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2010 Eclipse Awards: Apprentice jockey
By Byron King
For most of the first half of 2010, Maryland-based Forest Boyce was having what might be considered an ordinary year, one very much typical for an apprentice jockey, riding a few horses a day and winning at about a 12 percent rate.
At that point few would have predicted Boyce would win more races in Maryland than any other rider in 2010. But after teaming up with agent Jay Burtis at the Colonial Downs meeting over the summer in Virginia, she did just that upon her return to Maryland, largely by winning the summer and fall riding titles at Laurel Park.
Boyce, 26, a graduate of the Maryland Institute College of Art who was a longtime exercise rider for Mikey Smithwick, Dick Small, and Jonathan Sheppard before launching her riding career, said her sudden turnaround was “pretty wild.”
She said being older than the average apprentice jockey left her better prepared for the peaks and valleys of being a rider.
“I don’t think I would have been ready or mature enough to ride at 16 or 17,” she told Daily Racing Form. “As much as I hated going to college, Dickie [Small] and my parents were right. I needed to go. It helped me grow up.
“People are constantly saying to me, ‘Could you imagine if you had a full year like that?’ To be honest, I’m grateful it worked out this way. I got to meet a lot of good people along the way. I got to learn a lot.”
Those lessons have continued to serve her well. Even after losing her apprentice weight allowance in early December, she went on to have a four-win day at Laurel Dec. 16 as a journeyman rider.
Boyce isn’t about to take all the credit, praising Burtis, her prior agents, and of course, the horses she rode.
“It takes two to get across the wire,” she said.
Buoyed by winning a Sovereign Award in Canada as outstanding apprentice in 2009, jockey Omar Moreno became the winningest apprentice in North America in 2010, winning 144 races and over $5.3 million.
Now an even larger prize could loom: an Eclipse Award as North America’s outstanding apprentice. He and fellow apprentices Forest Boyce and Angel Serpa are the three finalists for the prestigious award.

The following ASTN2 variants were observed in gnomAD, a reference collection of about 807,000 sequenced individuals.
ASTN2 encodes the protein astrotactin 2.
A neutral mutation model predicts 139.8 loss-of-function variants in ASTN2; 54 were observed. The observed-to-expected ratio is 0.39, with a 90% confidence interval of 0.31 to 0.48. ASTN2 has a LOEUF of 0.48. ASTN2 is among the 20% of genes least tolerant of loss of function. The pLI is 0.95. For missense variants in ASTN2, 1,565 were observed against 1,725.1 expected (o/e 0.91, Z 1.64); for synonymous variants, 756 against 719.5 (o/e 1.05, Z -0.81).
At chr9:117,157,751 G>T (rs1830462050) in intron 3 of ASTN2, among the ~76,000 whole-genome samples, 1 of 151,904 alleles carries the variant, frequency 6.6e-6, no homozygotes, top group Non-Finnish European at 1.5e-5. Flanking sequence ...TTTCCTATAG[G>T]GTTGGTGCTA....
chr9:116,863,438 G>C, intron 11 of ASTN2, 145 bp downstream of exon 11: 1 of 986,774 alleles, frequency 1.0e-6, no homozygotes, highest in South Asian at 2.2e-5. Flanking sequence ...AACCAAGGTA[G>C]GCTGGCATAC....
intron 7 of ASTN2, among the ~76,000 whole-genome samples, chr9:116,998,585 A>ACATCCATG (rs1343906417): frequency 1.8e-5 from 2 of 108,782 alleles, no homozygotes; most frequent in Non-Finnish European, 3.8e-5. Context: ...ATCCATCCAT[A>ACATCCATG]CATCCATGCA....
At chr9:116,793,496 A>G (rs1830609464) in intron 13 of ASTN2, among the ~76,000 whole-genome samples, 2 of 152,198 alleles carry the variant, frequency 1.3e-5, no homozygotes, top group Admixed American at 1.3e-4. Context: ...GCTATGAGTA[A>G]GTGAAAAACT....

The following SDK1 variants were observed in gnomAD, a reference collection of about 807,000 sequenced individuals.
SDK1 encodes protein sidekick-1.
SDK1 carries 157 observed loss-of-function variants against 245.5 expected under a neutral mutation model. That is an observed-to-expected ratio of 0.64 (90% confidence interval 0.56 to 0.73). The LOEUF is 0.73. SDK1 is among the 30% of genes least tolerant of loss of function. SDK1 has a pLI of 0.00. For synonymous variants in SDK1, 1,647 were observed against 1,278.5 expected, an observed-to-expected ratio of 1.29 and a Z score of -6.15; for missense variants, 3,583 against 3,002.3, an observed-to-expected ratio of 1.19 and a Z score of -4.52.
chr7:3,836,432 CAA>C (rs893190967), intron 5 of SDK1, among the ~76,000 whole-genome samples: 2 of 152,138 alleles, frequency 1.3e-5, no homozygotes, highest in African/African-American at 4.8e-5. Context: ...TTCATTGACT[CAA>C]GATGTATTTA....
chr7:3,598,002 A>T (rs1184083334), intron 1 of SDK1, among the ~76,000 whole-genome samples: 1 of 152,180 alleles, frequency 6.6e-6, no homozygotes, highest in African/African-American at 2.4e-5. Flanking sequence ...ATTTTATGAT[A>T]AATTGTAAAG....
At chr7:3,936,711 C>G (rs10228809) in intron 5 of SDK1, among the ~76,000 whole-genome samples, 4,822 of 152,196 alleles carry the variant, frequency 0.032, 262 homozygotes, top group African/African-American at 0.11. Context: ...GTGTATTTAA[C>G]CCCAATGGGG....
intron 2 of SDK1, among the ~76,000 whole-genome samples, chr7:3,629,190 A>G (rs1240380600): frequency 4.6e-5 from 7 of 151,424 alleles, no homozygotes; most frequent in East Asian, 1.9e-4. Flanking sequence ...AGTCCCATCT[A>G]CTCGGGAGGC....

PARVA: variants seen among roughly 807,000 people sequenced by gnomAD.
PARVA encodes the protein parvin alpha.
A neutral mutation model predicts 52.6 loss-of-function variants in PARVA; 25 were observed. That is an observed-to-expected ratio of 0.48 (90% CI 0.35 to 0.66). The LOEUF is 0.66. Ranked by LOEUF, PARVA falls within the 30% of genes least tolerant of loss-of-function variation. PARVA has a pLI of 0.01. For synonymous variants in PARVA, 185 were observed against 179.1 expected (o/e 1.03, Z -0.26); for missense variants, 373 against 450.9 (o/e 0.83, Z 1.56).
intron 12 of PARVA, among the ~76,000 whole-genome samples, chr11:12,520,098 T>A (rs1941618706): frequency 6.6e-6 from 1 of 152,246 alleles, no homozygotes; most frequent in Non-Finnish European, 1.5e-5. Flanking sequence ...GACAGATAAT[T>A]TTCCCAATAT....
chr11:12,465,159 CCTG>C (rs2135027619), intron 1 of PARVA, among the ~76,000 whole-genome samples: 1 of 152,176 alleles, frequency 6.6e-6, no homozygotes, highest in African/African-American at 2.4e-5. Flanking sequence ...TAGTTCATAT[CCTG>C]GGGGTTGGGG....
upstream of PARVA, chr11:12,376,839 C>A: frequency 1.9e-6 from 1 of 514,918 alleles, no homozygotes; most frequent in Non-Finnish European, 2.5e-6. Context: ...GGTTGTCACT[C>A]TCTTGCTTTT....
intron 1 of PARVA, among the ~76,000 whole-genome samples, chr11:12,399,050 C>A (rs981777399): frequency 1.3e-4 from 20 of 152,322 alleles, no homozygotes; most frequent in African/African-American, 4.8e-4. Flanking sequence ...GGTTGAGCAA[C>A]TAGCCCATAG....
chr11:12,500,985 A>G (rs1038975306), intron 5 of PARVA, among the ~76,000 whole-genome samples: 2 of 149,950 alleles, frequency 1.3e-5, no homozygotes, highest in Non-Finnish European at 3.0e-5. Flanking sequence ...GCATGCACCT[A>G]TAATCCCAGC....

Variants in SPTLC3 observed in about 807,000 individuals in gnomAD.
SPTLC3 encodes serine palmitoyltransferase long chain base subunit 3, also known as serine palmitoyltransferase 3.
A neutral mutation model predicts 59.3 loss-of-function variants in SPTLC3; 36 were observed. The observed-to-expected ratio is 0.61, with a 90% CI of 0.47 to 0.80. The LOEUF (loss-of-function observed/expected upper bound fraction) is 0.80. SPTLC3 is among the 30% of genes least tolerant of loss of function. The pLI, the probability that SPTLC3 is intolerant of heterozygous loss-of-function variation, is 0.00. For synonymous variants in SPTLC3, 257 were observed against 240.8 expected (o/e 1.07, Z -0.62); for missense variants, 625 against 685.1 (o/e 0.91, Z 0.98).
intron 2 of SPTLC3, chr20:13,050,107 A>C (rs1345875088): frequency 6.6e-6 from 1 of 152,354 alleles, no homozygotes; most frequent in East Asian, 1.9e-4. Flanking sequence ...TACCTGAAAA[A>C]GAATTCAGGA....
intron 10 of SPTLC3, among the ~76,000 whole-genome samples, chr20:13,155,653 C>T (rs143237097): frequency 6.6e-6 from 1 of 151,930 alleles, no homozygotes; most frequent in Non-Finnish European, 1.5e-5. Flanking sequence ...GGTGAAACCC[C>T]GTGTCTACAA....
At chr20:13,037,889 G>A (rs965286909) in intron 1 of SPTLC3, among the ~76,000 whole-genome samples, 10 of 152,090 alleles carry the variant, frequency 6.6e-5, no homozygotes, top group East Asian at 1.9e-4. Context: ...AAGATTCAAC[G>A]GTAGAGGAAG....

Moreno has strength in numbers – easily having won the most races of any apprentice and with his mounts earning more than double the earnings of his closest pursuer, Serpa, who won $2.4 million.
Based in Canada, Moreno finished fifth in the 2010 standings at Woodbine, scoring all but 20 of his victories on the year there, with the other wins coming at Fort Erie.
Moreno, 25, a graduate of the jockeys’ school at Olds College in Calgary, even won three stakes, races that are traditionally tough for apprentices to gain top mounts in without their weight allowance.
One thing Moreno has never lacked is toughness. A native of war-torn El Salvador who moved to Canada as a refugee in 1991, he initially found success in another sport: boxing. He became a three-time junior national champion until a shoulder injury ended his dreams in that sport.
Moreno served notice at Woodbine last fall and won 22 races late in the year, catapulting him to a Sovereign Award. He hopes to build upon his success from 2010 as a journeyman rider in 2011.
“People probably expect a lot of me and I expect a lot of myself, too,” he told Daily Racing Form in November. “But I don’t like getting ahead of myself. I just do the best I can. When good things happen, they happen. Then I can look back, and take a moment to appreciate them.”
For now he is appreciating the honor of being an Eclipse finalist. And if he wins, that “would be fantastic, amazing,” he said. “Like something I never dreamed would be possible.”
A year after Puerto Rican-born jockey Christian Santiago Reyes won the Eclipse Award as the North America’s outstanding apprentice, Angel Serpa, another Puerto Rican, is one of three finalists for the same prize.
Even though his apprenticeship lasted until just July 25, Serpa was the second leading money-earning apprentice of 2010, trailing only Omar Moreno, another finalist along with Forest Boyce.
In contrast to Boyce and Moreno – who plied their trade mostly in Maryland and Canada, respectively – Serpa rode over a variety of different locales in the Northeast in 2010, mostly in New York, New Jersey and Philadelphia.
He won 36 races over the inner track at Aqueduct during the track’s winter meet in 2009-2010, with 29 of those victories coming in 2010. Then in the spring and summer, while riding in both New York and New Jersey, he went 7 for 46 at Belmont Park, and was 14 for 181 at Monmouth Park over the period there in which he carried his apprentice allowance.
Serpa, 23, even lit up the board in his final day as an apprentice July 25, piloting 101-1 longshot No Fret to victory in the fourth race at Monmouth Park that afternoon.
Riding in New York in the fall of 2009 was likely to his benefit. He said early last year that spending time with New York’s elite riding colony that autumn made him a better rider.
“I’m working on and want to learn to become a little more patient, because I know patience pays off,” he told Daily Racing Form through an interpreter. “When you get a little too anxious, it’s hard to win that way.”
Photos: Jim McCue/Maryland Jockey Club, Michael Burns, Barbara D. Livingston
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